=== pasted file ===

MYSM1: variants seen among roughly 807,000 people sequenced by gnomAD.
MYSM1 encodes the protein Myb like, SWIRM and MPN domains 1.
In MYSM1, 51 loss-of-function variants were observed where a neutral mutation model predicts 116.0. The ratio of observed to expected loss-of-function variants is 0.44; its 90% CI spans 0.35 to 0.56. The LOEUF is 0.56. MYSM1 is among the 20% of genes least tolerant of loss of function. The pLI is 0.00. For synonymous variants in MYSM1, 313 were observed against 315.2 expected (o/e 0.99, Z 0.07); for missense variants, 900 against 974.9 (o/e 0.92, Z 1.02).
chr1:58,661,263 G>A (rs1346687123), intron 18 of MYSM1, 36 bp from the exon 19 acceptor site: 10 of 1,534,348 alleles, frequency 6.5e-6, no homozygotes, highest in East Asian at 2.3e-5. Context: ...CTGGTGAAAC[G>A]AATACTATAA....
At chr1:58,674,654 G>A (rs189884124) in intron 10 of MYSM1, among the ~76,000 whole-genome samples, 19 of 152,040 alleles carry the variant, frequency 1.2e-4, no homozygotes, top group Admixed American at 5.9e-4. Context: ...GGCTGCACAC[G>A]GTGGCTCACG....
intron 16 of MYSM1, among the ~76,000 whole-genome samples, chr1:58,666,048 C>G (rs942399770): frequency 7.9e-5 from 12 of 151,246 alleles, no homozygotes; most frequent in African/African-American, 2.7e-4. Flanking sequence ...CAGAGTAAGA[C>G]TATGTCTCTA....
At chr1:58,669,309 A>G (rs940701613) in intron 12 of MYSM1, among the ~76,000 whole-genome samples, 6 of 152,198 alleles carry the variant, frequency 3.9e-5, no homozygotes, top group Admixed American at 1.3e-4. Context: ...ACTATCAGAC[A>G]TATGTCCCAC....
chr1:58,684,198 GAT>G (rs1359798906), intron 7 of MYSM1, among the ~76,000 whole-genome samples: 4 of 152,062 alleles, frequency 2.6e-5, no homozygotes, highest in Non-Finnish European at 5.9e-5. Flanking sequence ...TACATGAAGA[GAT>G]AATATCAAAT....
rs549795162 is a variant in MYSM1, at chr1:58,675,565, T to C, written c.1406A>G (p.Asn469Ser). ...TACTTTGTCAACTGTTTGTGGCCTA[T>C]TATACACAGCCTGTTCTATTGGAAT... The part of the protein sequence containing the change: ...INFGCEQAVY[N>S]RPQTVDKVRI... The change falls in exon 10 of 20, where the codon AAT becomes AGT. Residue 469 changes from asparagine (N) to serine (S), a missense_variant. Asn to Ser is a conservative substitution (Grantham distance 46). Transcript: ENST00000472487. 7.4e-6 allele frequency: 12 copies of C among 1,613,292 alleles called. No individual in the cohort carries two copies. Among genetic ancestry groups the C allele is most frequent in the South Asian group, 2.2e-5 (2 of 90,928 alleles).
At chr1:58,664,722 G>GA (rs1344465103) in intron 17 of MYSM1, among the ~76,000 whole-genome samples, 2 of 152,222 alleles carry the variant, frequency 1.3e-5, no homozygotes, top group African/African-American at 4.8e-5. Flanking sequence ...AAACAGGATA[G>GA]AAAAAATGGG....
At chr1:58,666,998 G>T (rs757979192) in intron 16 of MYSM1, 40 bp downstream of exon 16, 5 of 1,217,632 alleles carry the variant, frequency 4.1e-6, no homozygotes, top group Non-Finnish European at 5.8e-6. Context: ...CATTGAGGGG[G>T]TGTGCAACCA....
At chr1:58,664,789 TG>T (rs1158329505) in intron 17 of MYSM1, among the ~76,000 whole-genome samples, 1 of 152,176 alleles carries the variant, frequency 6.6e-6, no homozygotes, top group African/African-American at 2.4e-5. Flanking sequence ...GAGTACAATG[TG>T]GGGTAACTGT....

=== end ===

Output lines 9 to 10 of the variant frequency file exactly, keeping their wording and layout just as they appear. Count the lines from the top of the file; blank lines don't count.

rs549795162 is a variant in MYSM1, at chr1:58,675,565, T to C, written c.1406A>G (p.Asn469Ser). ...TACTTTGTCAACTGTTTGTGGCCTA[T>C]TATACACAGCCTGTTCTATTGGAAT... The part of the protein sequence containing the change: ...INFGCEQAVY[N>S]RPQTVDKVRI... The change falls in exon 10 of 20, where the codon AAT becomes AGT. Residue 469 changes from asparagine (N) to serine (S), a missense_variant. Asn to Ser is a conservative substitution (Grantham distance 46). Transcript: ENST00000472487. 7.4e-6 allele frequency: 12 copies of C among 1,613,292 alleles called. No individual in the cohort carries two copies. Among genetic ancestry groups the C allele is most frequent in the South Asian group, 2.2e-5 (2 of 90,928 alleles).
At chr1:58,664,722 G>GA (rs1344465103) in intron 17 of MYSM1, among the ~76,000 whole-genome samples, 2 of 152,222 alleles carry the variant, frequency 1.3e-5, no homozygotes, top group African/African-American at 4.8e-5. Flanking sequence ...AAACAGGATA[G>GA]AAAAAATGGG....